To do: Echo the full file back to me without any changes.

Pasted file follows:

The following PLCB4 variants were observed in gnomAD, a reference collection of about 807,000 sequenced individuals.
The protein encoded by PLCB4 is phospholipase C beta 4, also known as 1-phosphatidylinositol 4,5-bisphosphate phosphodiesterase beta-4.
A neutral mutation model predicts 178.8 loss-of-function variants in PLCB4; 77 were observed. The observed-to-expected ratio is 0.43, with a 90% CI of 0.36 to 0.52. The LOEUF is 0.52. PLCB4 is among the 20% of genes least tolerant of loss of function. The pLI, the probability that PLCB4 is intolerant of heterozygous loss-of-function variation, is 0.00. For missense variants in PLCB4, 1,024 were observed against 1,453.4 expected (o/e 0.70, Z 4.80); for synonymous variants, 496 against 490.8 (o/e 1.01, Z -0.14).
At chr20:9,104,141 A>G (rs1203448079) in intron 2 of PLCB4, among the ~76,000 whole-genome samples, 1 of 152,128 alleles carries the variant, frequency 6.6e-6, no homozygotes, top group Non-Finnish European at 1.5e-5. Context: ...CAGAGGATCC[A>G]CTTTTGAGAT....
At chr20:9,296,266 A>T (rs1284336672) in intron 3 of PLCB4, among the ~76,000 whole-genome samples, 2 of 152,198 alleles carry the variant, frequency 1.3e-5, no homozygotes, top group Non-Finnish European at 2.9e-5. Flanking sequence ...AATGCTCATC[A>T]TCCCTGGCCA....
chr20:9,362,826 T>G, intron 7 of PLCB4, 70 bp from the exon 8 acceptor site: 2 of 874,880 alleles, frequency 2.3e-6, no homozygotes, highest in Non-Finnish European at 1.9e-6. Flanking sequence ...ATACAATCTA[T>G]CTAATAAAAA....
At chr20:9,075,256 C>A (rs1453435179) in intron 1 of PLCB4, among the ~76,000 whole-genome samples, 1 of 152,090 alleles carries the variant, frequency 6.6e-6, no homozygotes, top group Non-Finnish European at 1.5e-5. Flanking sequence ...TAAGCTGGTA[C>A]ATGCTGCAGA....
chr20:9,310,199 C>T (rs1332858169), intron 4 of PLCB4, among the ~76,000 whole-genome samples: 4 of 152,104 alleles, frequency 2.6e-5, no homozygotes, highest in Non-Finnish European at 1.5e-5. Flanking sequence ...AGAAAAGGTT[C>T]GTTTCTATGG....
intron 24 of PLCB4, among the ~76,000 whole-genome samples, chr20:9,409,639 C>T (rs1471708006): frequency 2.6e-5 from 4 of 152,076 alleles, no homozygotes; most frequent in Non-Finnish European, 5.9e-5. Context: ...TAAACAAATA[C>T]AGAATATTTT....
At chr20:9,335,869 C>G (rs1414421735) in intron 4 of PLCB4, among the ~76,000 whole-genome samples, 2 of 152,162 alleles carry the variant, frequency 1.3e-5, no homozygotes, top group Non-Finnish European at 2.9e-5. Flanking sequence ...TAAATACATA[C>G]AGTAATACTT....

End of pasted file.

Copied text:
The following PLCB4 variants were observed in gnomAD, a reference collection of about 807,000 sequenced individuals.
The protein encoded by PLCB4 is phospholipase C beta 4, also known as 1-phosphatidylinositol 4,5-bisphosphate phosphodiesterase beta-4.
A neutral mutation model predicts 178.8 loss-of-function variants in PLCB4; 77 were observed. The observed-to-expected ratio is 0.43, with a 90% CI of 0.36 to 0.52. The LOEUF is 0.52. PLCB4 is among the 20% of genes least tolerant of loss of function. The pLI, the probability that PLCB4 is intolerant of heterozygous loss-of-function variation, is 0.00. For missense variants in PLCB4, 1,024 were observed against 1,453.4 expected (o/e 0.70, Z 4.80); for synonymous variants, 496 against 490.8 (o/e 1.01, Z -0.14).
At chr20:9,104,141 A>G (rs1203448079) in intron 2 of PLCB4, among the ~76,000 whole-genome samples, 1 of 152,128 alleles carries the variant, frequency 6.6e-6, no homozygotes, top group Non-Finnish European at 1.5e-5. Context: ...CAGAGGATCC[A>G]CTTTTGAGAT....
At chr20:9,296,266 A>T (rs1284336672) in intron 3 of PLCB4, among the ~76,000 whole-genome samples, 2 of 152,198 alleles carry the variant, frequency 1.3e-5, no homozygotes, top group Non-Finnish European at 2.9e-5. Flanking sequence ...AATGCTCATC[A>T]TCCCTGGCCA....
chr20:9,362,826 T>G, intron 7 of PLCB4, 70 bp from the exon 8 acceptor site: 2 of 874,880 alleles, frequency 2.3e-6, no homozygotes, highest in Non-Finnish European at 1.9e-6. Flanking sequence ...ATACAATCTA[T>G]CTAATAAAAA....
At chr20:9,075,256 C>A (rs1453435179) in intron 1 of PLCB4, among the ~76,000 whole-genome samples, 1 of 152,090 alleles carries the variant, frequency 6.6e-6, no homozygotes, top group Non-Finnish European at 1.5e-5. Flanking sequence ...TAAGCTGGTA[C>A]ATGCTGCAGA....
chr20:9,310,199 C>T (rs1332858169), intron 4 of PLCB4, among the ~76,000 whole-genome samples: 4 of 152,104 alleles, frequency 2.6e-5, no homozygotes, highest in Non-Finnish European at 1.5e-5. Flanking sequence ...AGAAAAGGTT[C>T]GTTTCTATGG....
intron 24 of PLCB4, among the ~76,000 whole-genome samples, chr20:9,409,639 C>T (rs1471708006): frequency 2.6e-5 from 4 of 152,076 alleles, no homozygotes; most frequent in Non-Finnish European, 5.9e-5. Context: ...TAAACAAATA[C>T]AGAATATTTT....
At chr20:9,335,869 C>G (rs1414421735) in intron 4 of PLCB4, among the ~76,000 whole-genome samples, 2 of 152,162 alleles carry the variant, frequency 1.3e-5, no homozygotes, top group Non-Finnish European at 2.9e-5. Flanking sequence ...TAAATACATA[C>G]AGTAATACTT....